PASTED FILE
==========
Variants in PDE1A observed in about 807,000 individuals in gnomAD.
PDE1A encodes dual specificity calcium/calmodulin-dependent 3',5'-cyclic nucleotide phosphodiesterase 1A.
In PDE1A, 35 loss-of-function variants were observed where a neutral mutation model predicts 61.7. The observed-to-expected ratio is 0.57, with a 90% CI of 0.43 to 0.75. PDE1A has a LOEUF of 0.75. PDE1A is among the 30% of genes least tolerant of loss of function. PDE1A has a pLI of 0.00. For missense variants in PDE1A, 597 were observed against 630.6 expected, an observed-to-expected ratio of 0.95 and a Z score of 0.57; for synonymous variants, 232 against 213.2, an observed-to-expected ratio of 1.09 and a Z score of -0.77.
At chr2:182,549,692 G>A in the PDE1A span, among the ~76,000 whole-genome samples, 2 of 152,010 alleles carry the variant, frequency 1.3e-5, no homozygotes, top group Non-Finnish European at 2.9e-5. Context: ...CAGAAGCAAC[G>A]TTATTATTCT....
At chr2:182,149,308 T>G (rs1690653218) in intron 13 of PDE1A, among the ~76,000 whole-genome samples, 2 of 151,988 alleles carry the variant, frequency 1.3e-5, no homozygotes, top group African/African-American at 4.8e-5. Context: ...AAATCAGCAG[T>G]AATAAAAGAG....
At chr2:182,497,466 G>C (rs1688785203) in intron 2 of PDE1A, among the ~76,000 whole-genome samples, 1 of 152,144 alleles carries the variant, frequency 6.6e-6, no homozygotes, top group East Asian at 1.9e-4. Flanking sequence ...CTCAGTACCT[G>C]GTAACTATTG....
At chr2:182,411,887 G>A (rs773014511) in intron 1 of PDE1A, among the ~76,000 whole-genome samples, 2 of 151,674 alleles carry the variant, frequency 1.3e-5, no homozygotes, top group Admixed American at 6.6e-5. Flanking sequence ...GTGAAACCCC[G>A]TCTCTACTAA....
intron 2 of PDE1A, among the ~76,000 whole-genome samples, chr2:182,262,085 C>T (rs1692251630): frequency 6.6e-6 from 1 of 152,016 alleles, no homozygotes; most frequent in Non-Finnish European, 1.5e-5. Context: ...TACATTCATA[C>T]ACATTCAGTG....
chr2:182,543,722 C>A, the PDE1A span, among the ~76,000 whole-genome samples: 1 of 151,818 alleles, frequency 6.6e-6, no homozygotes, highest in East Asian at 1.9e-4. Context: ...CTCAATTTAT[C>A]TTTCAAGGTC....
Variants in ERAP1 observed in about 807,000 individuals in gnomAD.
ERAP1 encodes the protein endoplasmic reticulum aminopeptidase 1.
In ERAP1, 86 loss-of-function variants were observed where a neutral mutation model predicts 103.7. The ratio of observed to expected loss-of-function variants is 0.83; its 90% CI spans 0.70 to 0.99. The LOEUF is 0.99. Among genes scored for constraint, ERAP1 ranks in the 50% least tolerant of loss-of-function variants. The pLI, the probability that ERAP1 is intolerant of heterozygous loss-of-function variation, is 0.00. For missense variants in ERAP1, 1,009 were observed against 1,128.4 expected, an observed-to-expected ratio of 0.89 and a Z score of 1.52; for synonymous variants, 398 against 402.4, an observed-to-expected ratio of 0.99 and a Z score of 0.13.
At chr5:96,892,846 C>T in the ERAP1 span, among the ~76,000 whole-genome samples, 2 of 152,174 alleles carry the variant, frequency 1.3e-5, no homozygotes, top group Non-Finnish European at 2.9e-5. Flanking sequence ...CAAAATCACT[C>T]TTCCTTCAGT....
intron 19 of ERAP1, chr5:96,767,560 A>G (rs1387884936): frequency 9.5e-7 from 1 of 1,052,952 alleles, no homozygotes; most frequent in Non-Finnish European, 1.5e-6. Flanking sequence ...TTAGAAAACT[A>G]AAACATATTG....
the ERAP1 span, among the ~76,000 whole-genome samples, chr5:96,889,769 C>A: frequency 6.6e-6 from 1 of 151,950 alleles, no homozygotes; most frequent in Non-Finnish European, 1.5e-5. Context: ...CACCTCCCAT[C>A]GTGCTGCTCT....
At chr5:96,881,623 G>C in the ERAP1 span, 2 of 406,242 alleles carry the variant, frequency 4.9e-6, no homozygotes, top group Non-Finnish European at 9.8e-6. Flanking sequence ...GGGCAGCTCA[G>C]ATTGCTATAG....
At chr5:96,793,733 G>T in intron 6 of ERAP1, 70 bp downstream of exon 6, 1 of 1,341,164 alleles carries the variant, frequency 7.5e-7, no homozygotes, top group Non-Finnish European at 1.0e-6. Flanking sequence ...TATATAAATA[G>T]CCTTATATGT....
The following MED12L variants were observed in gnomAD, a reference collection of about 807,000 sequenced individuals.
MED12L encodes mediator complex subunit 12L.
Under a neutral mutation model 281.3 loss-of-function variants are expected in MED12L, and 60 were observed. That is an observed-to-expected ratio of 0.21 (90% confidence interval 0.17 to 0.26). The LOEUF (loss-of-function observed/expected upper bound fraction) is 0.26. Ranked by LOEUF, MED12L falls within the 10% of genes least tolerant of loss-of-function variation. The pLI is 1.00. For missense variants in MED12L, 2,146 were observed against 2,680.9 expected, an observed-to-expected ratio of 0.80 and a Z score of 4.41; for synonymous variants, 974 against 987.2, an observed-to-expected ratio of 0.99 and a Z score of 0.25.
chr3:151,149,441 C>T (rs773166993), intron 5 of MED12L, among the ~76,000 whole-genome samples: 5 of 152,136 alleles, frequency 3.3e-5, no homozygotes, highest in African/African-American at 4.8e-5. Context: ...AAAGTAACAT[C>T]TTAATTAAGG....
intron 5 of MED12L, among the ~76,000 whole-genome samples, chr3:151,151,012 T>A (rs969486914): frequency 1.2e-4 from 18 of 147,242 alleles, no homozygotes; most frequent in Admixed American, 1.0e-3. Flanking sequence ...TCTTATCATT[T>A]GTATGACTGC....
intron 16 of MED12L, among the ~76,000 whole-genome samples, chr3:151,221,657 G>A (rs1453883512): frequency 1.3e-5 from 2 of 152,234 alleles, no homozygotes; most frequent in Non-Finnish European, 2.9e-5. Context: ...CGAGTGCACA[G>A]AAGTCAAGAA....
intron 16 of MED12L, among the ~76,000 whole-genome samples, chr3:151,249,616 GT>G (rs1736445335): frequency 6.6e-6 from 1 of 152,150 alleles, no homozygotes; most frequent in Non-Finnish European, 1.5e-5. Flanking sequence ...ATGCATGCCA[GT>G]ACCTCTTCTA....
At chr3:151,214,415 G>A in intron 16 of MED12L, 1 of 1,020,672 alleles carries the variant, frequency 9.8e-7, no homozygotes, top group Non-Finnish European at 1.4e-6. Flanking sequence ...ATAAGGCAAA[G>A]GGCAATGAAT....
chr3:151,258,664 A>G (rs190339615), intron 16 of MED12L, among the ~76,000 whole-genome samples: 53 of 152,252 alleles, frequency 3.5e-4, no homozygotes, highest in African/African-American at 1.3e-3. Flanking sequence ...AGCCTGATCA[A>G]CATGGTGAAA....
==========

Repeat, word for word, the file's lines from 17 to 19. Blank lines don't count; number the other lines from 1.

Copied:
At chr5:96,793,733 G>T in intron 6 of ERAP1, 70 bp downstream of exon 6, 1 of 1,341,164 alleles carries the variant, frequency 7.5e-7, no homozygotes, top group Non-Finnish European at 1.0e-6. Flanking sequence ...TATATAAATA[G>T]CCTTATATGT....
The following MED12L variants were observed in gnomAD, a reference collection of about 807,000 sequenced individuals.
MED12L encodes mediator complex subunit 12L.